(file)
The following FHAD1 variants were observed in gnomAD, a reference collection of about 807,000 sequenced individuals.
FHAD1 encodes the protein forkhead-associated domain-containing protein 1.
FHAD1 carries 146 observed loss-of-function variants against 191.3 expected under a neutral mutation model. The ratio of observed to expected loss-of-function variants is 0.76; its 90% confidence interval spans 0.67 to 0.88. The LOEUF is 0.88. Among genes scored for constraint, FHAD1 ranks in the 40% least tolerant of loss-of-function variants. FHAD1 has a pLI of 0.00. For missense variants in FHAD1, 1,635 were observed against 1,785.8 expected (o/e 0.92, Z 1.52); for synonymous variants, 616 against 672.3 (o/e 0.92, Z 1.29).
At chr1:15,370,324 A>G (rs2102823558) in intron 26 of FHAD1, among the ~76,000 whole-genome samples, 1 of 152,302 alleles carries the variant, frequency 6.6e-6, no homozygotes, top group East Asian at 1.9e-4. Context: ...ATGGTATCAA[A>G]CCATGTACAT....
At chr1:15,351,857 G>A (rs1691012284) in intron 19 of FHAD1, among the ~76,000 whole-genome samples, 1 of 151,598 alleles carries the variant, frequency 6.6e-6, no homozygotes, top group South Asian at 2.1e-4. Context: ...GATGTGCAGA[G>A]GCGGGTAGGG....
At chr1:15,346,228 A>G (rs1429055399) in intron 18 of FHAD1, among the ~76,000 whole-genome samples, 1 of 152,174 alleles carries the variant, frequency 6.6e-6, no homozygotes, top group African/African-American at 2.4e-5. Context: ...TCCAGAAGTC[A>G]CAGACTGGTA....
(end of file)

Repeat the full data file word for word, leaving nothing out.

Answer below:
The following FHAD1 variants were observed in gnomAD, a reference collection of about 807,000 sequenced individuals.
FHAD1 encodes the protein forkhead-associated domain-containing protein 1.
FHAD1 carries 146 observed loss-of-function variants against 191.3 expected under a neutral mutation model. The ratio of observed to expected loss-of-function variants is 0.76; its 90% confidence interval spans 0.67 to 0.88. The LOEUF is 0.88. Among genes scored for constraint, FHAD1 ranks in the 40% least tolerant of loss-of-function variants. FHAD1 has a pLI of 0.00. For missense variants in FHAD1, 1,635 were observed against 1,785.8 expected (o/e 0.92, Z 1.52); for synonymous variants, 616 against 672.3 (o/e 0.92, Z 1.29).
At chr1:15,370,324 A>G (rs2102823558) in intron 26 of FHAD1, among the ~76,000 whole-genome samples, 1 of 152,302 alleles carries the variant, frequency 6.6e-6, no homozygotes, top group East Asian at 1.9e-4. Context: ...ATGGTATCAA[A>G]CCATGTACAT....
At chr1:15,351,857 G>A (rs1691012284) in intron 19 of FHAD1, among the ~76,000 whole-genome samples, 1 of 151,598 alleles carries the variant, frequency 6.6e-6, no homozygotes, top group South Asian at 2.1e-4. Context: ...GATGTGCAGA[G>A]GCGGGTAGGG....
At chr1:15,346,228 A>G (rs1429055399) in intron 18 of FHAD1, among the ~76,000 whole-genome samples, 1 of 152,174 alleles carries the variant, frequency 6.6e-6, no homozygotes, top group African/African-American at 2.4e-5. Context: ...TCCAGAAGTC[A>G]CAGACTGGTA....